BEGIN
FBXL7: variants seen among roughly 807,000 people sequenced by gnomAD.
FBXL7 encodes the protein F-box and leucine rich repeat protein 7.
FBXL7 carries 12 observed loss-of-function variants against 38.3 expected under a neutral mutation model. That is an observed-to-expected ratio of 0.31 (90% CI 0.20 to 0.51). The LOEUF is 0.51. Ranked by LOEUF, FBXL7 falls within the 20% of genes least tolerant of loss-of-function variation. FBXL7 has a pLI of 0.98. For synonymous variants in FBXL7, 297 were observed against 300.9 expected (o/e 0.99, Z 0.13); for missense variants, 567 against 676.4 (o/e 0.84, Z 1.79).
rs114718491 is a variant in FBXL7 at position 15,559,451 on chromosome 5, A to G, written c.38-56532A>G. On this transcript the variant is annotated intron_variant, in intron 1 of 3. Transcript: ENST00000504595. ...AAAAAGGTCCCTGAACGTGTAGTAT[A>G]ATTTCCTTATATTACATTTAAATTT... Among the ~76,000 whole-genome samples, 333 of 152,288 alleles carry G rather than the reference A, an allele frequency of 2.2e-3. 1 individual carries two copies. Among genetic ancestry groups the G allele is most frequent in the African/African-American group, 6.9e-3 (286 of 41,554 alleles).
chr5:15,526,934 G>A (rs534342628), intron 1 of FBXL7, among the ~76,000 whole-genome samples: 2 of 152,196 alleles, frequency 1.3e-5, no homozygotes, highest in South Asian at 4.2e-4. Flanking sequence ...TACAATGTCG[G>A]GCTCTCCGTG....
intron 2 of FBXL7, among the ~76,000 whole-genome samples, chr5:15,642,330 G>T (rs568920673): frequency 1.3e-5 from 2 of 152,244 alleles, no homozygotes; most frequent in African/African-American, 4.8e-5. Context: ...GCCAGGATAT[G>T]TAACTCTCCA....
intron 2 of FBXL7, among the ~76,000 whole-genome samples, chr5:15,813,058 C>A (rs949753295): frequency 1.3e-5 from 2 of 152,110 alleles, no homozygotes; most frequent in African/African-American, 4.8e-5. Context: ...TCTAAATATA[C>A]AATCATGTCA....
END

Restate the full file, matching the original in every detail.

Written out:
FBXL7: variants seen among roughly 807,000 people sequenced by gnomAD.
FBXL7 encodes the protein F-box and leucine rich repeat protein 7.
FBXL7 carries 12 observed loss-of-function variants against 38.3 expected under a neutral mutation model. That is an observed-to-expected ratio of 0.31 (90% CI 0.20 to 0.51). The LOEUF is 0.51. Ranked by LOEUF, FBXL7 falls within the 20% of genes least tolerant of loss-of-function variation. FBXL7 has a pLI of 0.98. For synonymous variants in FBXL7, 297 were observed against 300.9 expected (o/e 0.99, Z 0.13); for missense variants, 567 against 676.4 (o/e 0.84, Z 1.79).
rs114718491 is a variant in FBXL7 at position 15,559,451 on chromosome 5, A to G, written c.38-56532A>G. On this transcript the variant is annotated intron_variant, in intron 1 of 3. Transcript: ENST00000504595. ...AAAAAGGTCCCTGAACGTGTAGTAT[A>G]ATTTCCTTATATTACATTTAAATTT... Among the ~76,000 whole-genome samples, 333 of 152,288 alleles carry G rather than the reference A, an allele frequency of 2.2e-3. 1 individual carries two copies. Among genetic ancestry groups the G allele is most frequent in the African/African-American group, 6.9e-3 (286 of 41,554 alleles).
chr5:15,526,934 G>A (rs534342628), intron 1 of FBXL7, among the ~76,000 whole-genome samples: 2 of 152,196 alleles, frequency 1.3e-5, no homozygotes, highest in South Asian at 4.2e-4. Flanking sequence ...TACAATGTCG[G>A]GCTCTCCGTG....
intron 2 of FBXL7, among the ~76,000 whole-genome samples, chr5:15,642,330 G>T (rs568920673): frequency 1.3e-5 from 2 of 152,244 alleles, no homozygotes; most frequent in African/African-American, 4.8e-5. Context: ...GCCAGGATAT[G>T]TAACTCTCCA....
intron 2 of FBXL7, among the ~76,000 whole-genome samples, chr5:15,813,058 C>A (rs949753295): frequency 1.3e-5 from 2 of 152,110 alleles, no homozygotes; most frequent in African/African-American, 4.8e-5. Context: ...TCTAAATATA[C>A]AATCATGTCA....